I think that perhaps answering some of the questions might indeed lead others to humility and to a re-reading Leviticus 16 in context. The arrogant see a small God, who is shaped in the images of Man, rather then seeing us as small, yet created in the image of God. What is God, that He have any concern for us? Look at the night sky, and you begin to see how Infinitesimally small we are. But God is not the only one who can love, or be merciful, or be righteous or holy. If we have any purpose, it is about time we grow up and we focus on us reflecting God’s image, rather then worshipping a reflection of Man.

          • Naaria,
            I certainly agree that it is wonderful to ask questions (perhaps not a flood of questions that seem to relate little to the text at hand, but certainly humble questions, seeking the answers in G-d’s Word). There, in His Word, we see that His prophets, His provisions, His Holy days, and the stories He gave us all point to the same thing – fallen man whose sins have created a barrier between him and G-d (Isaiah 59:2), but a Holy G-d who, in His great Love and Mercy, provided a way, every time, for man to know Him and to humbly recognize that all answers ultimately lead not to self-exaltation but rather to worship of a Holy G-d who, when there was no man to intervene during Israel’s time of great sin (as described throughout the first 15 verses of Isaiah 59), He brought salvation through His own arm (Isaiah 59:16).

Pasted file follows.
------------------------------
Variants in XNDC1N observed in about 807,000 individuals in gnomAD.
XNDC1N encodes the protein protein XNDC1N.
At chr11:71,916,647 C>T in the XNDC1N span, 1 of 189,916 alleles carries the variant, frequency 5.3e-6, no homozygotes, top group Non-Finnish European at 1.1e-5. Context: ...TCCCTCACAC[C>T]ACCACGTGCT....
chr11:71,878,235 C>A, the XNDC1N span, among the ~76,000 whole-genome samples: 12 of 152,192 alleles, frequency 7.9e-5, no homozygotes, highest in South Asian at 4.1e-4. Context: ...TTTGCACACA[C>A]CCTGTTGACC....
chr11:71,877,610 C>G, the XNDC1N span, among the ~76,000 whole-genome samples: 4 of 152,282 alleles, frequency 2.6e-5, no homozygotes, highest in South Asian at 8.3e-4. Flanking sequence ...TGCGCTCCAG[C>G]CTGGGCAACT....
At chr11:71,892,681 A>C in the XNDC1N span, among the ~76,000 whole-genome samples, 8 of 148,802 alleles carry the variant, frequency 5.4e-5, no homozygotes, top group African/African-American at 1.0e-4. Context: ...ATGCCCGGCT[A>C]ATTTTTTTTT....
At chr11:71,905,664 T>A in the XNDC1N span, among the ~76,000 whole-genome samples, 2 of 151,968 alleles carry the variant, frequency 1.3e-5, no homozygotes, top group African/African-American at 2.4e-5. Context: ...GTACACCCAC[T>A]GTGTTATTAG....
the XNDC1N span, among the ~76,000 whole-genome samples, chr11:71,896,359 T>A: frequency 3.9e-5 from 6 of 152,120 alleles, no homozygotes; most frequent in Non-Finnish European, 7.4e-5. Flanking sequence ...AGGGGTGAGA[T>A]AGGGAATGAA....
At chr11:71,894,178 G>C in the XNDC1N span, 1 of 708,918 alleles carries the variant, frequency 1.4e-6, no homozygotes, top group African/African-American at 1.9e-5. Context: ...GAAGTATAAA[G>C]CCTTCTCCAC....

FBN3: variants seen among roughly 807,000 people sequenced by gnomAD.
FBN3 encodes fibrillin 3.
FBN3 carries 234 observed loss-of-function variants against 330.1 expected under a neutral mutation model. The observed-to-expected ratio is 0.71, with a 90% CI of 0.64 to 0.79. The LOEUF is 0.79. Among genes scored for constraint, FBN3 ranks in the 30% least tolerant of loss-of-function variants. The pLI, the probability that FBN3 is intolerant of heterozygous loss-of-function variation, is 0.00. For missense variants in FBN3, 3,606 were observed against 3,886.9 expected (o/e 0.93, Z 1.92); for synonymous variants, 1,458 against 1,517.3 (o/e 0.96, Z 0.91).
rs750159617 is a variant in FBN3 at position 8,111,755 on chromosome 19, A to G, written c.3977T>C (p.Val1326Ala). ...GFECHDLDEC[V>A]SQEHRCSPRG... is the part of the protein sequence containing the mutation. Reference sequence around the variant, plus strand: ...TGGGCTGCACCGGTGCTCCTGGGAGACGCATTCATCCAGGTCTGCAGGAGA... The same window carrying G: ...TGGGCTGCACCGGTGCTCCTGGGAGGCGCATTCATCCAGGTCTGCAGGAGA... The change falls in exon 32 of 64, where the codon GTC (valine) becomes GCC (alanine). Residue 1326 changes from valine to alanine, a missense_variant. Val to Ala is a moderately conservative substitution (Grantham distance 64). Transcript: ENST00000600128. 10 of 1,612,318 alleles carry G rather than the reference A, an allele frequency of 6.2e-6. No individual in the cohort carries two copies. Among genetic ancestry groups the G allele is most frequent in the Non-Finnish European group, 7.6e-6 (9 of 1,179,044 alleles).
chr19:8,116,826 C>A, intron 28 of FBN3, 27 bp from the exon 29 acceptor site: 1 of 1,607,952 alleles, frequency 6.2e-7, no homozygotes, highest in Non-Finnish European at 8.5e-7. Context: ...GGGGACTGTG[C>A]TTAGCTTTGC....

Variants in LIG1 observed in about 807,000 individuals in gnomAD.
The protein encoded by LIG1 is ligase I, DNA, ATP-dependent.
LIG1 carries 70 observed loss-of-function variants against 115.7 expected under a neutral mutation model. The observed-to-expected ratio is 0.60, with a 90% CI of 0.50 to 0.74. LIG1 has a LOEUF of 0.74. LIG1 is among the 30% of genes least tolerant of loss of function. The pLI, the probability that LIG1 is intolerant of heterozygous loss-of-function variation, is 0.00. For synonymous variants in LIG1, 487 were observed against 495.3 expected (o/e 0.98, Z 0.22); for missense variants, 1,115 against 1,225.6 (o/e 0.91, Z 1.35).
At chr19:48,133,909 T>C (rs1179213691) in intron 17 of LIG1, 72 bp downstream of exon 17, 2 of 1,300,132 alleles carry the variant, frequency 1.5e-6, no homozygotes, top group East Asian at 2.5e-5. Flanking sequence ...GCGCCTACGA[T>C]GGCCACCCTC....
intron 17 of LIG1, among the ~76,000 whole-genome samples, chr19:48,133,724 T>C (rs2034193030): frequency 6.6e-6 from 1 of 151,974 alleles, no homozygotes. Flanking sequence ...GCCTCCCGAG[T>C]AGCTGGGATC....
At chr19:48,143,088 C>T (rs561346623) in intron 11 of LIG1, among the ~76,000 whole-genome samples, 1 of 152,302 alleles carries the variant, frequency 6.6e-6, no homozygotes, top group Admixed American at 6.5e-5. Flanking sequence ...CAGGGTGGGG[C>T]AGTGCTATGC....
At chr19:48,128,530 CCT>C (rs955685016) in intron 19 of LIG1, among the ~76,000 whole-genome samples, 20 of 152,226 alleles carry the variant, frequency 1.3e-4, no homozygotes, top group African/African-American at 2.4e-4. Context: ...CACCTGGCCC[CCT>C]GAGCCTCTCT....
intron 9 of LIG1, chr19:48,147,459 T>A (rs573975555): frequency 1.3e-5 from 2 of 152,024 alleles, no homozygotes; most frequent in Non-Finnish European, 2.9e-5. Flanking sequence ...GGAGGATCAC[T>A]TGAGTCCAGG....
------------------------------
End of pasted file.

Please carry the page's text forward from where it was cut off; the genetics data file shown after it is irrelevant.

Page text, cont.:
And the beauty is that “…a redeemer shall come to Zion, and to those who repent of transgression in Jacob, says the Lord” (Isaiah 59:20).

            As we learn to seek to establish His righteousness, and not our own, we can rest in Him and in His answers, simply getting to know Him through His Word.


          • naaria says:

            When we read Isa 59:2, let us not forget Isaiah 58:6-8, “No, this is the fast I desire: To unlock fetters of wickedness, And untie the cords of the yoke, To let the oppressed go free; To break off every yoke.
            It is to share your bread with the hungry, And to take the wretched poor into your home; When you see the naked, to clothe him, And not to ignore your own kin. Then shall your light burst through like the dawn, And your healing spring up quickly;
            Your Vindicator shall march before you,
            The Presence of the LORD shall be your rear guard.

          • alide1 says: